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May 21, 2004

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Palo Alto Online

Publication Date: Friday, May 21, 2004
HEALTH

Palo Alto Medical Foundation chooses San Carlos for new center Palo Alto Medical Foundation chooses San Carlos for new center (May 21, 2004)

Facility will include first major hospital for medical group

by Jocelyn Dong

The Palo Alto Medical Foundation will build a $300 million hospital and clinic in San Carlos -- an ambitious project that officials said won't diminish services to patients at the Palo Alto clinic.

The San Carlos medical center will include the nonprofit's first major hospital, with 110 beds, putting it in competition with Sequoia Hospital in Redwood City and Kaiser Permanente Redwood City.

Until recently, almost all services provided by the foundation have been outpatient, aside from a 30-bed maternity and surgery hospital in Santa Cruz.

At 475,000 square feet, the project will be larger than the 305,000-square-foot Palo Alto facility on El Camino Real, which was completed in 1999 and cost $130 million.

For all the recent concern about a doctor shortage on the Peninsula, Dr. David Druker, president and CEO of the medical foundation, brushed aside fears that the 150-physician San Carlos center would either be understaffed or stretch the nonprofit's staffing at other locations.

"I don't anticipate any difficulty," he said, citing statistics that 30-40 physicians join the medical group every year.

He estimated that 15-20 doctors from the Palo Alto clinic might move to the San Carlos center, which is scheduled for completion in five years.

No public money will be required to fund the project, Druker said. Instead, Sutter Health, which is affiliated with the Palo Alto Medical Foundation, will float tax-exempt bonds repayable over 20-30 years.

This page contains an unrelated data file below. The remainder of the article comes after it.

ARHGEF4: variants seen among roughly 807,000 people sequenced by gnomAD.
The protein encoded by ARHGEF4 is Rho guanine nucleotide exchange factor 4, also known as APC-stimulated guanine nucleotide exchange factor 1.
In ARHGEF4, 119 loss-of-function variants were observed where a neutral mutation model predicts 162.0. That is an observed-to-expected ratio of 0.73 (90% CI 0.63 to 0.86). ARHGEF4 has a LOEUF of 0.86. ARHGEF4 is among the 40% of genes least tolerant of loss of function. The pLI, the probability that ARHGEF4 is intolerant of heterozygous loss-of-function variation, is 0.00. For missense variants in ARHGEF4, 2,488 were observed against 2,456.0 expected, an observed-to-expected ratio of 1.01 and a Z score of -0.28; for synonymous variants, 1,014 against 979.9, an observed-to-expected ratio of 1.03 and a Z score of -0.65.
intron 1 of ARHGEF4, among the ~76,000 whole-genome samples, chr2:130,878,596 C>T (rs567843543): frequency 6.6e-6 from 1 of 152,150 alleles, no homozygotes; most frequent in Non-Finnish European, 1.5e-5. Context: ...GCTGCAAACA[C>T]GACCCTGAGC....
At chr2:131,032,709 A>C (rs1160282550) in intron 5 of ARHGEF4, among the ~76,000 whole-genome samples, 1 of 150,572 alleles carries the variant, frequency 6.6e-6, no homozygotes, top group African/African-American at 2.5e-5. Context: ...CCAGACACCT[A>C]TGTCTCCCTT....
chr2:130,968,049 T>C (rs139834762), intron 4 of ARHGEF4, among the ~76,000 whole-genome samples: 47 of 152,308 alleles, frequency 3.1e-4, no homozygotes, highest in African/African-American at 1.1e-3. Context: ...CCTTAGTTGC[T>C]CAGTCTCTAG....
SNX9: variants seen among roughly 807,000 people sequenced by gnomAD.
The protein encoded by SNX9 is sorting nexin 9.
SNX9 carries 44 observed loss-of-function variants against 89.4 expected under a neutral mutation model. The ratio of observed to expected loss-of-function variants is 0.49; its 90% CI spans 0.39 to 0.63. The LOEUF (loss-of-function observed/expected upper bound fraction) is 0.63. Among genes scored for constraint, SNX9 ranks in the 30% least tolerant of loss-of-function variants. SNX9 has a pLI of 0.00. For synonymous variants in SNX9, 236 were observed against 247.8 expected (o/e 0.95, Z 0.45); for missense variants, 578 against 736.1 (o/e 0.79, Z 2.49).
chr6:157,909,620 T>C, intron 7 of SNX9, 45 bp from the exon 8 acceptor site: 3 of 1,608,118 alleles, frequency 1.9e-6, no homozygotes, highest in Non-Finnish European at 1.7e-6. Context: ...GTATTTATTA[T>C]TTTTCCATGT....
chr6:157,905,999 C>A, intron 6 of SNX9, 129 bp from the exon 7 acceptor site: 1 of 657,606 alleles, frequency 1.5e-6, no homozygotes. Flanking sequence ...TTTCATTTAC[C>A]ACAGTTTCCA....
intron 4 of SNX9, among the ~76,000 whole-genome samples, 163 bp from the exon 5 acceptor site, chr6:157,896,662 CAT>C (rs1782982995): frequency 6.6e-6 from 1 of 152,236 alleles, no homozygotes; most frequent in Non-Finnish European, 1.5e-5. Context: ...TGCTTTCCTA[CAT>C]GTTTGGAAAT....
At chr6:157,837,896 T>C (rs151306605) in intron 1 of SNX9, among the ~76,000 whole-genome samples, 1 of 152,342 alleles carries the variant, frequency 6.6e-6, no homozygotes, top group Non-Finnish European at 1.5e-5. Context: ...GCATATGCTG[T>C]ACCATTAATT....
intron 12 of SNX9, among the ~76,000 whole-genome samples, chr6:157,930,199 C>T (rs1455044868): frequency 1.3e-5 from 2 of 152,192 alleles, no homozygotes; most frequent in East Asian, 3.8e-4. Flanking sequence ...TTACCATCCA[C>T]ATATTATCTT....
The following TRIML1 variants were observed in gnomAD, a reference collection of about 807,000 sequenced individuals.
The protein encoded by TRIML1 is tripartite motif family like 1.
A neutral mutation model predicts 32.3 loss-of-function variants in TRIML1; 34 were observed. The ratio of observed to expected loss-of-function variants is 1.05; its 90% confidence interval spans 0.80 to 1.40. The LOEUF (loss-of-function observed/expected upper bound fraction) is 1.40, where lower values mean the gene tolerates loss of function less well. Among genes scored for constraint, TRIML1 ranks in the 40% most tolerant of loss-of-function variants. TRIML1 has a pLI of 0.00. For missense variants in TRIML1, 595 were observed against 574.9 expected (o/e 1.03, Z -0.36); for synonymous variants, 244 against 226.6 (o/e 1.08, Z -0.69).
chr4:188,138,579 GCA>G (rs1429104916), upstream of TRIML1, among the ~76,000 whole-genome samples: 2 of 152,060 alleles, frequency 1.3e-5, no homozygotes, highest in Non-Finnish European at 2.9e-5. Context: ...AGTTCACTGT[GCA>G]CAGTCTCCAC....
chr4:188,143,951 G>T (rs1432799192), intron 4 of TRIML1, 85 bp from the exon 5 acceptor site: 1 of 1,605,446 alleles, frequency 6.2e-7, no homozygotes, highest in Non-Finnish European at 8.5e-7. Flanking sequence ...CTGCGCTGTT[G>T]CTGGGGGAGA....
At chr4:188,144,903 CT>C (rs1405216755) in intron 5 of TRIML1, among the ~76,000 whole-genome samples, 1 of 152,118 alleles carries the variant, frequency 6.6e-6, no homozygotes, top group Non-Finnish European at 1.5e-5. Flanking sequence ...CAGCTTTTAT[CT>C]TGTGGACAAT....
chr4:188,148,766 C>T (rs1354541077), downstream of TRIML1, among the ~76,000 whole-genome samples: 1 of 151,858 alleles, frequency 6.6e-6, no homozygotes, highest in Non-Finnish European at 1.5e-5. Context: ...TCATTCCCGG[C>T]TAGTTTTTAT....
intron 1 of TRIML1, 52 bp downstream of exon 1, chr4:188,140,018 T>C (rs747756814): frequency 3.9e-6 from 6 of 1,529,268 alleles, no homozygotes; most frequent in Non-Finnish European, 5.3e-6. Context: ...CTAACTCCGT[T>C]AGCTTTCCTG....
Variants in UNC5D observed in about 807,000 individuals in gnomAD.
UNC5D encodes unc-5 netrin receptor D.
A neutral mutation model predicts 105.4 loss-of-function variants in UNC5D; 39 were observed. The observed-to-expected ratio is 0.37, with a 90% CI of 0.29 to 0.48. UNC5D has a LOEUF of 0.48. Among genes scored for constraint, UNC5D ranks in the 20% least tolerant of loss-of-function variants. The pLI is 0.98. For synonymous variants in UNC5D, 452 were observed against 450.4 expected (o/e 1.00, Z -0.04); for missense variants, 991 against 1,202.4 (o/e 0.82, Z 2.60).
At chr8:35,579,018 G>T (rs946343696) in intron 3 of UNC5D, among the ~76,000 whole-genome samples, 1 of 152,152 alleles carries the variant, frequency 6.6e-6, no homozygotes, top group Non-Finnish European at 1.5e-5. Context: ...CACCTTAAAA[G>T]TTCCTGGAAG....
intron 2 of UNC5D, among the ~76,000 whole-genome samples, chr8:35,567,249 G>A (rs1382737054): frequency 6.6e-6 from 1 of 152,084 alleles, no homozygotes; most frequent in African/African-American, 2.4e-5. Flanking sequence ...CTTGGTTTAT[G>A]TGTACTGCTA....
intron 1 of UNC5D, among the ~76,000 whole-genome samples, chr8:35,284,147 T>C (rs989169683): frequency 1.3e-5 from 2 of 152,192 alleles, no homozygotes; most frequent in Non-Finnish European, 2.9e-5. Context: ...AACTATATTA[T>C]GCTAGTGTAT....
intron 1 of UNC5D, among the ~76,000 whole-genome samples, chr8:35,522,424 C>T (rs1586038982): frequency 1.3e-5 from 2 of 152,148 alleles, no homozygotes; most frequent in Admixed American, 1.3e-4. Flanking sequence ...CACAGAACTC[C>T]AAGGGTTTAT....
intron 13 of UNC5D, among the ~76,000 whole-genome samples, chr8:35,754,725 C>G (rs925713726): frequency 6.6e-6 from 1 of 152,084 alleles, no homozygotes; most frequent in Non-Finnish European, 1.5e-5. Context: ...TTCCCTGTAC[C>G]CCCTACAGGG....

"That will be the lion's share," he said.

In addition, the organization's revenues have been running at about 3 percent above the foundation's annual $600 million budget. Those profits, plus private fund raising, will make up the balance, Druker said.

The proposed San Carlos center, to be located just off U.S. Highway 101 at 301 Industrial Road, will displace a company with roots in Palo Alto that will return here in about two years. Communication and Power Industries/Eimac, which makes vacuum electron tubes, was previously part of Varian Associates.

The company already has a location in the Stanford Research Park and expects to move its 280 employees there, according to Eimac President Mike Cheng.

The foundation's search for a new Peninsula location began 18 months ago and also included Redwood City. San Carlos won out because of the property's size -- 18.5 acres -- and its location, foundation officials said.

Senior staff writer Jocelyn Dong can be reached at jdong@paweekly.com.


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